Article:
Female service members have long served with distinction in the U.S. military, and their contributions have grown substantially in the wars in Afghanistan (Operation Enduring Freedom; OEF) and Iraq (Operation Iraqi Freedom; OIF), both in terms of the number of women deployed1 and the wider range of potentially dangerous combat and combat support positions in which they are serving.2 This new era of women’s involvement in war-zone deployments raises important questions that must be answered to inform the mental health treatment needs of returning women Veterans.

Experiences of sexual harassment and assault during military service are a critical issue when considering the traumatic stress burden of female service members. While a wealth of data have documented a high frequency of these experiences in military samples,38 a limited number of investigations have examined unwanted sexual experiences specifically among OEF/OIF Veterans. Unfortunately, these experiences are not the only interpersonal stressor confronting female service members. Military women are more likely than their male counterparts to experience non-sexual gender-based harassment3,4 and a lack of social support from military peers and leadership.3,9 These experiences likely contribute to the overall deployment stressor burden among female service members. To date, no investigations have examined gender differences in non-sexual harassment or deployment social support among this cohort.

A more substantial body of research is emerging on exposure to combat trauma among female service members who served in OEF/OIF.10,11 Although Department of Defense policy prohibits women from serving in many direct combat roles,12 the roles in which women are serving place them at risk for traumatic combat-related events.13 More work in this area is needed, as existing studies have not assessed a wide range of traumatic combat experiences, or are limited in generalizability because of unique sample characteristics (e.g., single military branch, limited deployment time period).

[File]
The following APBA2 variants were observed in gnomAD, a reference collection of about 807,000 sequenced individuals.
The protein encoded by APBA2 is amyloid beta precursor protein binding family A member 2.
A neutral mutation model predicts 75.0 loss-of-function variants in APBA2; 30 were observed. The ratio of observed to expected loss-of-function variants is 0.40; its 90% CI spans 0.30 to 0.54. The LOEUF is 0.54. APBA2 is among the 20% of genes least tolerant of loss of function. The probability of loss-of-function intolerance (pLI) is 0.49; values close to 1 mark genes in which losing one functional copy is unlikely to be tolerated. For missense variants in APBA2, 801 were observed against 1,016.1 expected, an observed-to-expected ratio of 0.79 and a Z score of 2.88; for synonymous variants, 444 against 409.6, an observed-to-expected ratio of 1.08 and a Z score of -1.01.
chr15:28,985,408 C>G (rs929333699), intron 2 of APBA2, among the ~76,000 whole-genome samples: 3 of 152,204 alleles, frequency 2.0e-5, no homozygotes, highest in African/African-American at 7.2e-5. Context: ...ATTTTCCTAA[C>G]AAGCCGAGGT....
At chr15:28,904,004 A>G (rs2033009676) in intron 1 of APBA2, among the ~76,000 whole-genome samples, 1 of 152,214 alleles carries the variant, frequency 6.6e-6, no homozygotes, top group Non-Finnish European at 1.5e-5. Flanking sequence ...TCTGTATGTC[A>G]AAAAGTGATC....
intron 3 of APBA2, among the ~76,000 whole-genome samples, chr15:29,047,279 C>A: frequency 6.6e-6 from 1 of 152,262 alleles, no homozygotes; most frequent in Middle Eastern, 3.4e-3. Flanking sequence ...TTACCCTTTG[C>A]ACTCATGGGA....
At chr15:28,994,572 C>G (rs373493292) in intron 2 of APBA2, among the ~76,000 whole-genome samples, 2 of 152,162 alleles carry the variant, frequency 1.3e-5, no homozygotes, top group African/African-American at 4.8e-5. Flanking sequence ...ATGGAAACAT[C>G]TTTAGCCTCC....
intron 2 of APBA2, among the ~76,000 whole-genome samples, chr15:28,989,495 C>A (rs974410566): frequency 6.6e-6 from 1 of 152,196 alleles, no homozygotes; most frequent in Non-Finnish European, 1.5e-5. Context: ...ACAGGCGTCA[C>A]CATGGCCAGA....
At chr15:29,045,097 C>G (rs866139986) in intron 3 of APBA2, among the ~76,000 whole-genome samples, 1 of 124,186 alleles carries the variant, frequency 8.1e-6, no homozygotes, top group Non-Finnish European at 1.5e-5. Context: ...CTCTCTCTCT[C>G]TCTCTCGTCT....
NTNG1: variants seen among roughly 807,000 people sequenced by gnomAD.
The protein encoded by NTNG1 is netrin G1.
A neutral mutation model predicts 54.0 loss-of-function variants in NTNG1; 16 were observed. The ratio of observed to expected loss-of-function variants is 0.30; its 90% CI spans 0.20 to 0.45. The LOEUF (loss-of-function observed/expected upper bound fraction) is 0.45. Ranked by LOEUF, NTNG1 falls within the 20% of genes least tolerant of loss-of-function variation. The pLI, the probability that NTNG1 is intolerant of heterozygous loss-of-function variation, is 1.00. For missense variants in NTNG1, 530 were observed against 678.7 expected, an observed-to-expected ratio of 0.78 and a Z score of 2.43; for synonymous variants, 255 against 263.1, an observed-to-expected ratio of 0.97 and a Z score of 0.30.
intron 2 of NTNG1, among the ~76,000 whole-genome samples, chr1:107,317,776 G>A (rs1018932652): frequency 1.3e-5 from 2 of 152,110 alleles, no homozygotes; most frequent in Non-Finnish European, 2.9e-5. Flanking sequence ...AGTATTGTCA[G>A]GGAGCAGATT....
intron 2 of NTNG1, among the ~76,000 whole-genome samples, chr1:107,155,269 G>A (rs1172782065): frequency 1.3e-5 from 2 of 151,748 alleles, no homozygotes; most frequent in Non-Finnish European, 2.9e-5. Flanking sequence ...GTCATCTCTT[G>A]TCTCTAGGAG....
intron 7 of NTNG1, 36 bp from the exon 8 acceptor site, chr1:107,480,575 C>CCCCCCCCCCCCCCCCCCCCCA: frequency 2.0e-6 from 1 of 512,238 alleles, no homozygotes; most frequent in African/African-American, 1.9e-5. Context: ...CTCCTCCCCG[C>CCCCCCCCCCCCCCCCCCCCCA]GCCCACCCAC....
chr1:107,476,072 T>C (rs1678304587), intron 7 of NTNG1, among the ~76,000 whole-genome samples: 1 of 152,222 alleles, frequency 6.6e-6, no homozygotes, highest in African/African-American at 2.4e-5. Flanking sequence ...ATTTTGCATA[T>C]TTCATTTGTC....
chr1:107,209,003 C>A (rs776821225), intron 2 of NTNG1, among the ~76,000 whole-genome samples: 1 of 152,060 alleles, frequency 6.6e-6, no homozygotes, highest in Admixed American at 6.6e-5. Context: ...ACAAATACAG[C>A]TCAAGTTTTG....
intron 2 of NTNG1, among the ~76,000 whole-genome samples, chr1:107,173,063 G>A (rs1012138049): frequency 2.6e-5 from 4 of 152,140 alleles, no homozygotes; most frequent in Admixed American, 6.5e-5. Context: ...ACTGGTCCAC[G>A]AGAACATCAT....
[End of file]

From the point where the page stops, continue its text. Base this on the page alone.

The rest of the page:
A natural extension of the research examining the occurrence of potentially traumatic deployment experiences is the investigation of post-deployment mental health conditions. Among nondeployed, peacetime female Veteran samples, there are associations between unwanted sexual experiences and mental health conditions (e.g., posttraumatic stress disorder [PTSD], depression, anxiety, substance abuse).5,6 In studies of Veterans of the 1990–1991 Gulf War, sexual trauma was a strong predictor of post-deployment mental health.3,7 With a single exception,11 investigations of sexual trauma among OEF/OIF troops have been limited to Veterans Affairs (VA) healthcare users based on administrative data sources,1416 or smaller, female-only samples with limited generalizability and no ability for gender comparisons,17,18 making it difficult to draw definitive conclusions. The one study that examined gender differences in PTSD symptoms following military sexual trauma in a large sample of active duty soldiers from the OEF/OIF cohort found no differences.11

Studies of gender differences in PTSD symptoms following combat exposure in the OEF/OIF cohort have been mixed. Although data from Army administrative databases using limited measurement suggests increased vulnerability among female soldiers,19,20 several other studies have found no gender differences in post-deployment mental health consequences when accounting for levels of combat exposure.10,13,21